Value Creation and Corporate Diversification: The Case of Sears, Roebuck and Co.
University of Georgia - Department of Banking and Finance
University of North Texas - Department of Finance, Insurance Real Estate and Law
John D. Martin
Baylor University - Department of Finance, Insurance & Real Estate
Journal of Financial Economics
We provide a clinical perspective on corporate governance, shareholder activism and corporate restructuring by studying Sears, Roebuck & Co. In particular we focus on Sears' diversification into financial services during the 1980's, the poor performance that followed, and the ensuing shareholder activism aimed at pressuring management to enhance shareholder value. Ultimately the firm divested its financial services operations and refocused on retail. We estimate that the gain to Sears' shareholders over the entire diversification-refocusing period was some $1.5 billion, with approximately $1.113 billion resulting from the announced breakup of the firm. However, comparing Sears' performance to that of a homemade diversification strategy suggests that the firm's corporate diversification resulted in a significant opportunity loss for shareholders. Sears' governance structure appears to have contributed to the firm's performance problems.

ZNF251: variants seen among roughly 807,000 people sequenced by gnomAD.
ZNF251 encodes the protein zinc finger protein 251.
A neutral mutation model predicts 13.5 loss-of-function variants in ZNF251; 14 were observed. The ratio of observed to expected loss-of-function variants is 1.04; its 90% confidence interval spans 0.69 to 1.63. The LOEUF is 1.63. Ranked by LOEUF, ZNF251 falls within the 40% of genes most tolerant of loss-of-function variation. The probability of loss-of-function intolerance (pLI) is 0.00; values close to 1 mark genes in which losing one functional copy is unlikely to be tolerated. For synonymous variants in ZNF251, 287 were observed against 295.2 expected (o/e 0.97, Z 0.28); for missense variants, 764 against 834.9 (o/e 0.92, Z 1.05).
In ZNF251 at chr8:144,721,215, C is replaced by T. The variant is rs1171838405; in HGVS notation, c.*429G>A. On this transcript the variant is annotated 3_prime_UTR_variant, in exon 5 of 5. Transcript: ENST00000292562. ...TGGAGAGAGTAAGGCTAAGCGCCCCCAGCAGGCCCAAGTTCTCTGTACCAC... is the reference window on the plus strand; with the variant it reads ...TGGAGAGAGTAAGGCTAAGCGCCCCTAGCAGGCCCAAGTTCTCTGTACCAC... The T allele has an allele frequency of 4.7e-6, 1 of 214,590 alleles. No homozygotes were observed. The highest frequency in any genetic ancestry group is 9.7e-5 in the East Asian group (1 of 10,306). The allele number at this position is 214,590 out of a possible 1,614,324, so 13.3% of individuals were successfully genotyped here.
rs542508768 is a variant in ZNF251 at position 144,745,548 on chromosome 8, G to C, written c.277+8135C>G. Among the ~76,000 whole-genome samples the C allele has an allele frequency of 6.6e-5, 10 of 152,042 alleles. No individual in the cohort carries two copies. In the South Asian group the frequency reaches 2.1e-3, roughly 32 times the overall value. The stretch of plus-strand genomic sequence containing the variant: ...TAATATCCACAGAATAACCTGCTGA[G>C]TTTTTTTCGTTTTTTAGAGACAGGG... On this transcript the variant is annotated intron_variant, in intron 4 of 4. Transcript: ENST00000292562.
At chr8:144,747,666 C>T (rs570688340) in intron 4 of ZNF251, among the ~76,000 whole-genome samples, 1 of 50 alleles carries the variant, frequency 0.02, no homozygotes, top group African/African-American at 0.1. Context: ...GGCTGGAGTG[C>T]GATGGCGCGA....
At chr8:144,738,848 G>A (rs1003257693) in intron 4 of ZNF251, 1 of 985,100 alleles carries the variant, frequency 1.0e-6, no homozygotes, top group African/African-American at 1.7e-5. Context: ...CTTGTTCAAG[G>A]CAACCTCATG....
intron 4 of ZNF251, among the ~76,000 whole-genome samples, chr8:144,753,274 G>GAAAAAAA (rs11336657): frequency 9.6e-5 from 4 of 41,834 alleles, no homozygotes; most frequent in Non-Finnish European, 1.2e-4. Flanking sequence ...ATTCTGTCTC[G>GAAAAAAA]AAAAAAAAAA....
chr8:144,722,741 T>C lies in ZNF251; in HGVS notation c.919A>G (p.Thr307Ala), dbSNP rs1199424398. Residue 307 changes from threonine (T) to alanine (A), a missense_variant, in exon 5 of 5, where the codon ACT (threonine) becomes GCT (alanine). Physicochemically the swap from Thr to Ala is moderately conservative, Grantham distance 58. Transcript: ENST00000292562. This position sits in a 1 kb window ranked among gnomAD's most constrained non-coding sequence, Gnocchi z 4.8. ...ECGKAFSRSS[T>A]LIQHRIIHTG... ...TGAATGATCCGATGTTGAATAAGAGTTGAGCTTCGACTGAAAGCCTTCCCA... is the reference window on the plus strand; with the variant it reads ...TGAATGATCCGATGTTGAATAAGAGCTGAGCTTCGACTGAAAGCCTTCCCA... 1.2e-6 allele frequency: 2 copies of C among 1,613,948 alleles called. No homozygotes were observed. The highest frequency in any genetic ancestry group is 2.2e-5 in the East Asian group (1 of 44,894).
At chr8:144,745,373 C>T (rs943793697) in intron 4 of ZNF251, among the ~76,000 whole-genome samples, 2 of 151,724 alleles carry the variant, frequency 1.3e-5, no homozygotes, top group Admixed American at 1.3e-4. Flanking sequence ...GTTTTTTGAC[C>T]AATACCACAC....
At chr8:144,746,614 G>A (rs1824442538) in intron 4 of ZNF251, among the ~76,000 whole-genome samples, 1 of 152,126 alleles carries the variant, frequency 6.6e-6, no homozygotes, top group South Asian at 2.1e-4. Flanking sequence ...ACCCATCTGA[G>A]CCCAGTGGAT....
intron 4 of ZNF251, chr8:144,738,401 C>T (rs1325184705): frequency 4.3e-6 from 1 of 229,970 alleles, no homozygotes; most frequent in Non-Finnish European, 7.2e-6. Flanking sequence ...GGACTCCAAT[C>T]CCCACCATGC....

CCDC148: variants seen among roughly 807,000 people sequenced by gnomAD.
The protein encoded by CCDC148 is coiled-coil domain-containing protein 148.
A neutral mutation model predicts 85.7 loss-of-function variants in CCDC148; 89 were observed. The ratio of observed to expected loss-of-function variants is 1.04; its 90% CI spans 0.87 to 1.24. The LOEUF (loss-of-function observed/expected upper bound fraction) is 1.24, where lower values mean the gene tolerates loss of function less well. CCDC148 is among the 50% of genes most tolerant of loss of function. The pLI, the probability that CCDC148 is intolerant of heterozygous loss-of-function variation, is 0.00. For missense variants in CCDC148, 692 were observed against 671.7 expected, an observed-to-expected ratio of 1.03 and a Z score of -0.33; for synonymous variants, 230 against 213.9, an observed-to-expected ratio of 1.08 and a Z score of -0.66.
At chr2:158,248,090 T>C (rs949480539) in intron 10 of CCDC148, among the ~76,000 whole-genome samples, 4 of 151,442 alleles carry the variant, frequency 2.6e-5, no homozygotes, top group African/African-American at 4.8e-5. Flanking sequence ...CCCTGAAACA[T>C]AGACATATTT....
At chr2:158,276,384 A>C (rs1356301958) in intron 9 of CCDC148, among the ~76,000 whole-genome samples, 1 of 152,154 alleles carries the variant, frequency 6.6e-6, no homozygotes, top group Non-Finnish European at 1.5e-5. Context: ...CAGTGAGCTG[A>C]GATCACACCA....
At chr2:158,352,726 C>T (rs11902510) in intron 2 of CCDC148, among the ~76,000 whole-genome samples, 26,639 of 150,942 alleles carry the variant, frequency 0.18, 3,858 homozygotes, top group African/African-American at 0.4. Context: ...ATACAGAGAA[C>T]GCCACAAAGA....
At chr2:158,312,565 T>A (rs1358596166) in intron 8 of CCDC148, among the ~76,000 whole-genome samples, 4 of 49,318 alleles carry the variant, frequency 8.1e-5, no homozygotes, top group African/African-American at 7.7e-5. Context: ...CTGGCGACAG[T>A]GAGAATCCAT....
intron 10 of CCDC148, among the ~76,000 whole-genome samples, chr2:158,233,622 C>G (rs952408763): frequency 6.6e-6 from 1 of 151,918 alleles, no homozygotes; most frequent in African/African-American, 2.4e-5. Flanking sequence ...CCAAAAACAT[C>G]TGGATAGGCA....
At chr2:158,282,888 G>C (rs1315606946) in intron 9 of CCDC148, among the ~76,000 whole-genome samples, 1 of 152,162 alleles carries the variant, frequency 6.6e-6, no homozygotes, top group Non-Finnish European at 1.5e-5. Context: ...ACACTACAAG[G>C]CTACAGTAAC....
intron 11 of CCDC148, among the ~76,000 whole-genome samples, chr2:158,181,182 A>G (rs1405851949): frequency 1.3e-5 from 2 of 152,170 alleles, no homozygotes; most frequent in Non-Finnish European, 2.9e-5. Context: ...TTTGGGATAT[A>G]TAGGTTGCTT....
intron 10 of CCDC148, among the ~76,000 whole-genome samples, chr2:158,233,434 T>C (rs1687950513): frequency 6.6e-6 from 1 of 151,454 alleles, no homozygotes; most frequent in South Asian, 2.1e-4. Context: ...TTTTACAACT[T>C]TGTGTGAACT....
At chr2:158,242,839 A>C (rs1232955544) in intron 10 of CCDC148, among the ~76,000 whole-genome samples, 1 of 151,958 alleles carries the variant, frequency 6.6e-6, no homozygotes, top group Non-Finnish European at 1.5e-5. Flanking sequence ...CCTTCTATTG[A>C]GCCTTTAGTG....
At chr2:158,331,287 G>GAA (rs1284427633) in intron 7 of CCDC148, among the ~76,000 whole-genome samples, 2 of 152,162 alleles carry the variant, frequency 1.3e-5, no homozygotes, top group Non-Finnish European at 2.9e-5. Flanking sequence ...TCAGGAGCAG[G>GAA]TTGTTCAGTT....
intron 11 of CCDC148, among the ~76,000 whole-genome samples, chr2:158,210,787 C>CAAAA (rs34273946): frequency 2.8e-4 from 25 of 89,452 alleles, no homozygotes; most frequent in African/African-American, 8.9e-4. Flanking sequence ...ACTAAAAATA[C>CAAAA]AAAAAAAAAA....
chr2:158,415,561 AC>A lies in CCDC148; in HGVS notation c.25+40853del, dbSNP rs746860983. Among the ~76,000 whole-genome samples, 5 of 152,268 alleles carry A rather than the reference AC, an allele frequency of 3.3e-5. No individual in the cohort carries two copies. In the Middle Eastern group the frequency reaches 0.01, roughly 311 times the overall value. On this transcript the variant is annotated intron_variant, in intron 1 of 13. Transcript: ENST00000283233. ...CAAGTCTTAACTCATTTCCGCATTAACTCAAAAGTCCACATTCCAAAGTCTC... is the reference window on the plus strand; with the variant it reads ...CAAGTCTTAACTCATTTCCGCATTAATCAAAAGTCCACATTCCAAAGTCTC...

Note: This is a description of the paper and is not the actual abstract.
JEL Classification: G32, G34Accepted Paper Series
Date posted: October 21, 1999
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